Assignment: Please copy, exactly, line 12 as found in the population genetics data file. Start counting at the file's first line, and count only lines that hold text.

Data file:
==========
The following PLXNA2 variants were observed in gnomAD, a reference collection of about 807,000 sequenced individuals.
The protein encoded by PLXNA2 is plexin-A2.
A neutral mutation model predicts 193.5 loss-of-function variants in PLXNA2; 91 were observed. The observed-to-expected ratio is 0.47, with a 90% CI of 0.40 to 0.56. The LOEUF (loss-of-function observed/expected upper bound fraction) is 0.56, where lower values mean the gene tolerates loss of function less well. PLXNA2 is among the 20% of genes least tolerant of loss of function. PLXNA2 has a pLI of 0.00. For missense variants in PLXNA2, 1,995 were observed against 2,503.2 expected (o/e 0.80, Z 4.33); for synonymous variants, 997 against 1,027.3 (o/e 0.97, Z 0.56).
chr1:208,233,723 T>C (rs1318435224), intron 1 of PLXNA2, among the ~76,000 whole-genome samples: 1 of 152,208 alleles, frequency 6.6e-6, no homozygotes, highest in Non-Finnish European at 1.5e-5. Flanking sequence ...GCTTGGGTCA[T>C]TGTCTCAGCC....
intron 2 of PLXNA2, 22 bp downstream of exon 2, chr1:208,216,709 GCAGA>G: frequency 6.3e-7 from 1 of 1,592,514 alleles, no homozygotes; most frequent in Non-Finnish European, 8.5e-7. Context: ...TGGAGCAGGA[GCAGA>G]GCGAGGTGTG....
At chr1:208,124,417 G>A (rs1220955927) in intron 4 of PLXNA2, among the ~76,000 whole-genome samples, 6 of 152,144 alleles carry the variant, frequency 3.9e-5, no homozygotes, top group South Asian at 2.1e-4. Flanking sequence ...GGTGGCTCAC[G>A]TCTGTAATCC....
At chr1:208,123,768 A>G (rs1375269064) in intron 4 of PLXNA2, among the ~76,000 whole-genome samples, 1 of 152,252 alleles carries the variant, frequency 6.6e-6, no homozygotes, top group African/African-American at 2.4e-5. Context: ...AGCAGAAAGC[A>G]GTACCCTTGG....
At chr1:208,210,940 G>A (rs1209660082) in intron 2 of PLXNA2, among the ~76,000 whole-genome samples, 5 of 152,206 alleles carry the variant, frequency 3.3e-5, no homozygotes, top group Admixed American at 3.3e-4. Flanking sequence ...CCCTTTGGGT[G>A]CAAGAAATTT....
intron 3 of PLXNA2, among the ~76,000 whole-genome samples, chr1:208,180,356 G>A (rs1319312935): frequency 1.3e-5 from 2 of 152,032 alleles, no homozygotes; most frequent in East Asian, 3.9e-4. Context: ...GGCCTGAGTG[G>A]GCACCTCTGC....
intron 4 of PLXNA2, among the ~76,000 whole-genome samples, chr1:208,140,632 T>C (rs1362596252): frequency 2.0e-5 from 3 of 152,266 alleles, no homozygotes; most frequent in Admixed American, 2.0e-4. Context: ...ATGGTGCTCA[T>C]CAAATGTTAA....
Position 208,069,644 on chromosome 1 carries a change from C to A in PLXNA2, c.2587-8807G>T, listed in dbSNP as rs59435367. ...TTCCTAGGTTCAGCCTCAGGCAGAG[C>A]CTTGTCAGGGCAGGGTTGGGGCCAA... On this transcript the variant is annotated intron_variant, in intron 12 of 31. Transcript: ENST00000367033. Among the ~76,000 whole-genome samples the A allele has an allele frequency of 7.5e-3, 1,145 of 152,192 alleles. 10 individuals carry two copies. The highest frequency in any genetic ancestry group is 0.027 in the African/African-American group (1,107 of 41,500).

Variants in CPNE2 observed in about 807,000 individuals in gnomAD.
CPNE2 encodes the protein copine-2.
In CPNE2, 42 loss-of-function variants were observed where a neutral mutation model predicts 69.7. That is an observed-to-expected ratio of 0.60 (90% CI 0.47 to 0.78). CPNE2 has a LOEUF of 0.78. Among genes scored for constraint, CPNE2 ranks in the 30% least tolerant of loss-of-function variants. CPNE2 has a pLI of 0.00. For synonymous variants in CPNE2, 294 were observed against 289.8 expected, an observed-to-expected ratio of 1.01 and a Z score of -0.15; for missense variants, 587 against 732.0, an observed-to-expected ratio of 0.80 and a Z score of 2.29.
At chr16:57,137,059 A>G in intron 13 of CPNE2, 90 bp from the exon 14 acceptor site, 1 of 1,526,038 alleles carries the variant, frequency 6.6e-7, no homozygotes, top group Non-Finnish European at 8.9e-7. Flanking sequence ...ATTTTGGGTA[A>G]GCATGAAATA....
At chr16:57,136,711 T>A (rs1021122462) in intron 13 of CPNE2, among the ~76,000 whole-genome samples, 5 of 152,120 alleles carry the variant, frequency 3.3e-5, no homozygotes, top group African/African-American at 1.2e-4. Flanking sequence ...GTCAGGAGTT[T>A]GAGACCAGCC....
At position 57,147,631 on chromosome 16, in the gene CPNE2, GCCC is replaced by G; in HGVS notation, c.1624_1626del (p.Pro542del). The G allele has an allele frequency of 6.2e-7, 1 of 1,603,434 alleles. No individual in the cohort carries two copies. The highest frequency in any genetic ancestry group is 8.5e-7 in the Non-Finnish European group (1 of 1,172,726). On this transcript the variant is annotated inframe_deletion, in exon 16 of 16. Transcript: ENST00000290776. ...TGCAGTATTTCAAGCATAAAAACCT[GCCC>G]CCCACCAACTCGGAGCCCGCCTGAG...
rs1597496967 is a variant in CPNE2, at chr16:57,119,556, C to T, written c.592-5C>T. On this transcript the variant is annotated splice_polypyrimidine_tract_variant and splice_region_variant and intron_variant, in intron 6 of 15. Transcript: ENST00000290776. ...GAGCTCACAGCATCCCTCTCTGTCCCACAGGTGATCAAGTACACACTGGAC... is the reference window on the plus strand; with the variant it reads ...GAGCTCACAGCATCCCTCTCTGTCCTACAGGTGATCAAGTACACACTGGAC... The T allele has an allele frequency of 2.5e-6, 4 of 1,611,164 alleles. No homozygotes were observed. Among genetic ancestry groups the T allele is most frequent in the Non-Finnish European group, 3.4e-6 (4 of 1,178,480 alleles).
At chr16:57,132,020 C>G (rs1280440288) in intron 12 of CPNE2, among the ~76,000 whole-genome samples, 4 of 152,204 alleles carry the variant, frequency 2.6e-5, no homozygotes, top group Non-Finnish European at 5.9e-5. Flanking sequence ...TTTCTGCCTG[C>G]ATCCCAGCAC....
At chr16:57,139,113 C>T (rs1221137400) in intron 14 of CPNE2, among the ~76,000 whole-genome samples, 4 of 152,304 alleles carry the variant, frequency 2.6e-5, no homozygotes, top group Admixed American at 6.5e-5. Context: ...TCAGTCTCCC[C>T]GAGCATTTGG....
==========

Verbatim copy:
Variants in CPNE2 observed in about 807,000 individuals in gnomAD.